Lastly, another topic that experiences a lot of controversy is the racist stereotypes. Sherman Alexie raises the issue discrimination against Native Americans, in order to provoke general dialogue about this prejudice. Discrimination cannot be combated, unless it is discussed openly and honestly. "The Absolutely True Diary of a Part-time Indian" is stimulates this kind overt discussion and is encouraged throughout the book. I highly recommend reading, "The Absolutely True Diary of a Part-time Indian" for all ages and allow others to share their opinions on Sherman Alexie's extraordinary book!


message 16: by Walesr14 (new)

Walesr14 | 1 comments I ended up thoroughly enjoying this book. At first glance, I thought the book looked a little too childish and cheesy for my taste, but once I started reading I found that was definitely not the case. The Absolutely True Diary of a Part-Time Indian has much more to offer.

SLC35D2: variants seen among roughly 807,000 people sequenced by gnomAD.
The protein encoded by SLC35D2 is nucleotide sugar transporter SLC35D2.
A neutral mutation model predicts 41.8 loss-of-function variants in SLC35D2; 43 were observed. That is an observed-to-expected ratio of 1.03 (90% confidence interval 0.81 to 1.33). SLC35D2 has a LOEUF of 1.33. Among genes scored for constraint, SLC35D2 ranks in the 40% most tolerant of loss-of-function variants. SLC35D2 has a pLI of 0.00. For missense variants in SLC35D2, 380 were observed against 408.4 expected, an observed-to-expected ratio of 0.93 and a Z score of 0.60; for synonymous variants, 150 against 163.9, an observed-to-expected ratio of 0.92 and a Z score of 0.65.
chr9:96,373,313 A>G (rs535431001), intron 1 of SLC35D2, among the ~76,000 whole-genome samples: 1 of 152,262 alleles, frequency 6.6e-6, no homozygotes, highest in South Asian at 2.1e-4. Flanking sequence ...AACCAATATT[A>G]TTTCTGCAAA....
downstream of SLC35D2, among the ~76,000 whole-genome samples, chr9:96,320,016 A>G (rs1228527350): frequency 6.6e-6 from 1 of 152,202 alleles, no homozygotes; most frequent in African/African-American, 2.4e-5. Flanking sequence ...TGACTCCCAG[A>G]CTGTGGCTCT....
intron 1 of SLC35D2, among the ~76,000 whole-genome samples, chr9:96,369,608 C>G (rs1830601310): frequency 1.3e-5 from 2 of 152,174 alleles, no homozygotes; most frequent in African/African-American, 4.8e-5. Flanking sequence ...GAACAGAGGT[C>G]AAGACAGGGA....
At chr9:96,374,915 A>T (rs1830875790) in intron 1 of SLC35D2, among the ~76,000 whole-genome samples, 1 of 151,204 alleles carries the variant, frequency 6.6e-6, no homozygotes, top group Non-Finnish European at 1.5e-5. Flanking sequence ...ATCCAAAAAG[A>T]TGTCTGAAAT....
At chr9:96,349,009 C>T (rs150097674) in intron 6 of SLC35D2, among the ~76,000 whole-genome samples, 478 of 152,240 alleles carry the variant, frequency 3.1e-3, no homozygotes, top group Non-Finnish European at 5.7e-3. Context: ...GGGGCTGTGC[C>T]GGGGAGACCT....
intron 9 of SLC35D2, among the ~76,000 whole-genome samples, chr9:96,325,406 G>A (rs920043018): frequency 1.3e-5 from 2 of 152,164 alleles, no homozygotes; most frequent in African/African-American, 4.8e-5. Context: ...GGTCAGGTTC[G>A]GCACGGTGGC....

Anyone who wants to ban this book probably either has not read it, or doesn't have a good sense for what their child is already exposed to in every day life. Even though the book does have some vulgar language and crude detail, these are things that almost every high school aged student is already exposed to every day. A parent would have to be blind not to see that. The classroom is a good place to discuss these things. With a responsible teacher leading the discussion, kids can learn how to handle situations with bad language or sexual topics if they do not feel comfortable confronting them on their own. Having said this, I don't think it is appropriate for The Absolutely True Diary of a Part-Time Indian to be assigned as summer reading in case a child in uncomfortable with the book's contents.